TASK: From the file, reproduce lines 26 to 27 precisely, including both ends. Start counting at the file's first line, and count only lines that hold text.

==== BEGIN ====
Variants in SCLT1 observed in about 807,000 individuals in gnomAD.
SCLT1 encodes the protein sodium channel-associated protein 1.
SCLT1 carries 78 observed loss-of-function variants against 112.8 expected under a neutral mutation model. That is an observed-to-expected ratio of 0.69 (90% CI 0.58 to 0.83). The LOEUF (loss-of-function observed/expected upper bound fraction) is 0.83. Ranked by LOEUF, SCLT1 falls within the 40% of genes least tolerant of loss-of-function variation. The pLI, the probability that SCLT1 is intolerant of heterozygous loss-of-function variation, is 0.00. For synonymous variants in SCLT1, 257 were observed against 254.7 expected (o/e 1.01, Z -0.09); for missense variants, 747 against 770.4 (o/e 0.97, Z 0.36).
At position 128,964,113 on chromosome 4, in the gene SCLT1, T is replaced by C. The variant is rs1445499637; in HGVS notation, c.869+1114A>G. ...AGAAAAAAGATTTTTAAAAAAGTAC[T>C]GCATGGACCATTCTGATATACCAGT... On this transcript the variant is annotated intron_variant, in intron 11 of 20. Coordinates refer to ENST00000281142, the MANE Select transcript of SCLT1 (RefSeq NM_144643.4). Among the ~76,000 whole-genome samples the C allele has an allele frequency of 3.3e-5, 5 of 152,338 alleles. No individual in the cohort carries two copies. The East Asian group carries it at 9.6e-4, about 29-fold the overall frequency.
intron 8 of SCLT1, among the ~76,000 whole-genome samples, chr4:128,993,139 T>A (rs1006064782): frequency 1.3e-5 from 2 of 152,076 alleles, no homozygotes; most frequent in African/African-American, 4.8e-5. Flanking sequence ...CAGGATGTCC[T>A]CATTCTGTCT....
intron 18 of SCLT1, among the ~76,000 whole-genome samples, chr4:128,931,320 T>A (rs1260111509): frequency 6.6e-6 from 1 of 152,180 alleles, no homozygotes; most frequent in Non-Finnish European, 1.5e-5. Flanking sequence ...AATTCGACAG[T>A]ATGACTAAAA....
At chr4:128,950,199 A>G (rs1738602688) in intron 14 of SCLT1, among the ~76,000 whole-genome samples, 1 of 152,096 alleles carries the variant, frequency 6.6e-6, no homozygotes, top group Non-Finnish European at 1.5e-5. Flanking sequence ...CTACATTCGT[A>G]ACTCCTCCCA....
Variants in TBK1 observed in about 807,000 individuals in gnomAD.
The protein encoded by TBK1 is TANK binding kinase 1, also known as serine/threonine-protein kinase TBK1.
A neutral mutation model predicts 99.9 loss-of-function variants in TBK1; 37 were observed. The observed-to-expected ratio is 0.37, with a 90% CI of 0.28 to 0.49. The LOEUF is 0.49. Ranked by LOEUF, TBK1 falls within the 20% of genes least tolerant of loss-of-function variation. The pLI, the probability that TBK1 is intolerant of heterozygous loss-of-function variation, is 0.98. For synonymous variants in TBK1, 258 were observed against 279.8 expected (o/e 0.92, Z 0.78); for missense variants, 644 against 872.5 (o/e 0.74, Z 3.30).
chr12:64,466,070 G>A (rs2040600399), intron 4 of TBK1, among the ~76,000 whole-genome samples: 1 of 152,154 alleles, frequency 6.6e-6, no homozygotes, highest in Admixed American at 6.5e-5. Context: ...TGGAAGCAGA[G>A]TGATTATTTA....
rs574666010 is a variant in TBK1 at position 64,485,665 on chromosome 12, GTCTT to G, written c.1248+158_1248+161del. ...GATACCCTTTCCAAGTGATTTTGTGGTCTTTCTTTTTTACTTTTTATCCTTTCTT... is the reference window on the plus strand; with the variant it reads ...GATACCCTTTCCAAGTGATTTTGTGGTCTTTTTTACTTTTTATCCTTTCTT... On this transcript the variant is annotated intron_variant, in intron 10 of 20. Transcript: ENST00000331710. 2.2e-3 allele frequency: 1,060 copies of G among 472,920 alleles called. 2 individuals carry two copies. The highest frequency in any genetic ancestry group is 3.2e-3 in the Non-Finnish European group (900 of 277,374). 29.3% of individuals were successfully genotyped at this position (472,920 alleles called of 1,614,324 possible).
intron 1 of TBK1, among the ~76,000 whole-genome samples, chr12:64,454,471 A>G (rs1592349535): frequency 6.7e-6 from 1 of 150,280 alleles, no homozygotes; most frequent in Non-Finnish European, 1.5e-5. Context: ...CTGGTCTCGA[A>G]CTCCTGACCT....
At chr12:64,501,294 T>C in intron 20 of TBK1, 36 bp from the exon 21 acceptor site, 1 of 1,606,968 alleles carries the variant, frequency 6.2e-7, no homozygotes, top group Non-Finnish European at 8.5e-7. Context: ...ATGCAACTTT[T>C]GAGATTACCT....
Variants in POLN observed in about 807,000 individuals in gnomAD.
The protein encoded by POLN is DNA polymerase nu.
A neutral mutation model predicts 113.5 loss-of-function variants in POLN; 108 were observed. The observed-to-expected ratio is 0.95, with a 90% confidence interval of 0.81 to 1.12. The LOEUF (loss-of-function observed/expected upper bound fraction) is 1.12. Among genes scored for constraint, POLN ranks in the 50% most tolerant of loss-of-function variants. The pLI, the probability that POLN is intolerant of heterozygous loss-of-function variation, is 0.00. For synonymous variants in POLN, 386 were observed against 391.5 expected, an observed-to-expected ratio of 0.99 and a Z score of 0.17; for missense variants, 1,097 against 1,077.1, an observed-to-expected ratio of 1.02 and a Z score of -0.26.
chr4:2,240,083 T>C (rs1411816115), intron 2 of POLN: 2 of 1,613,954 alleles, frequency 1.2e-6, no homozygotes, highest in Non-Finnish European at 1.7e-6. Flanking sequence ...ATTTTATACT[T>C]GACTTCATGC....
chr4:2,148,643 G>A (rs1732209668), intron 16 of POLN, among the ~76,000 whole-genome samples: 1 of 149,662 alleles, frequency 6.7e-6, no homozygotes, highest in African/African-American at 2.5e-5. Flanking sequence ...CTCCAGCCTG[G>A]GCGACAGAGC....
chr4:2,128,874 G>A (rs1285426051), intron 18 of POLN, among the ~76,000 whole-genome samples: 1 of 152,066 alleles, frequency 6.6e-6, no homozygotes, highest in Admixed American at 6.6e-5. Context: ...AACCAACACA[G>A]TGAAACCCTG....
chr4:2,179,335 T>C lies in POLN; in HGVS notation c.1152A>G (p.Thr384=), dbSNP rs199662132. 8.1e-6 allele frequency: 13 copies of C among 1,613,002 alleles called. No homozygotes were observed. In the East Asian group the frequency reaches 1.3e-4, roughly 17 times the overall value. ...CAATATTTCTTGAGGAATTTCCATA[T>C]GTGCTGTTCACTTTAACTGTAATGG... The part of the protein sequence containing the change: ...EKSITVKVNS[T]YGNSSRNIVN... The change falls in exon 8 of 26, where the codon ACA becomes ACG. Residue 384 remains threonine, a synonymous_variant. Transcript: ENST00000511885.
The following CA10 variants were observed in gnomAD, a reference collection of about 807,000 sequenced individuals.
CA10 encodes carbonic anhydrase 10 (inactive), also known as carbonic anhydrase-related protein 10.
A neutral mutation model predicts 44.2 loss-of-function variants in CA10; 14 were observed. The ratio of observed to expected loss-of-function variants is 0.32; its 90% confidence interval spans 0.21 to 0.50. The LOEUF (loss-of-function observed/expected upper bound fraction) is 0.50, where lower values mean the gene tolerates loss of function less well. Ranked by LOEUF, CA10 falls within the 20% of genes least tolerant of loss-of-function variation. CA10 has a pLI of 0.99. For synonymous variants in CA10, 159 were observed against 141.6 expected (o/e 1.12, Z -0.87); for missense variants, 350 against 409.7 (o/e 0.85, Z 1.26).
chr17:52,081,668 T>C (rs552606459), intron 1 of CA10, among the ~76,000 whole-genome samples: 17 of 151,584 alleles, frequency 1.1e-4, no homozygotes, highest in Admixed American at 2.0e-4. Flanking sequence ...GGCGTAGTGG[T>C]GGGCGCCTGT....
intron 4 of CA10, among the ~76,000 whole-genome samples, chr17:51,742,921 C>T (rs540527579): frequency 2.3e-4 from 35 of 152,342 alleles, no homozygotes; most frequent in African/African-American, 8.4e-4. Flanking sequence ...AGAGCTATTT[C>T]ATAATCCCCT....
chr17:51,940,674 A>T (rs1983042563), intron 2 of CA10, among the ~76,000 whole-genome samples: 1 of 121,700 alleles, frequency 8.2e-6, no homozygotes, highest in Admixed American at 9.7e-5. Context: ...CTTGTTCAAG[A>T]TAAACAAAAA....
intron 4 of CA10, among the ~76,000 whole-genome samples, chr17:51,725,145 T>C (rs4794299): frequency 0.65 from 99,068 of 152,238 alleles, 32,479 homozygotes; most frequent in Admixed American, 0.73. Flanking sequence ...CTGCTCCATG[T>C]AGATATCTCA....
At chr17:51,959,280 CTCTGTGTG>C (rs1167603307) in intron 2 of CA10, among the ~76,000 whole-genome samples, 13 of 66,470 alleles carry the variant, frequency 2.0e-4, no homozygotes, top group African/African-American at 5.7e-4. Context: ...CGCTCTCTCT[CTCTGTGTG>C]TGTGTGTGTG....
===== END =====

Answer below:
intron 4 of CA10, among the ~76,000 whole-genome samples, chr17:51,742,921 C>T (rs540527579): frequency 2.3e-4 from 35 of 152,342 alleles, no homozygotes; most frequent in African/African-American, 8.4e-4. Flanking sequence ...AGAGCTATTT[C>T]ATAATCCCCT....
chr17:51,940,674 A>T (rs1983042563), intron 2 of CA10, among the ~76,000 whole-genome samples: 1 of 121,700 alleles, frequency 8.2e-6, no homozygotes, highest in Admixed American at 9.7e-5. Context: ...CTTGTTCAAG[A>T]TAAACAAAAA....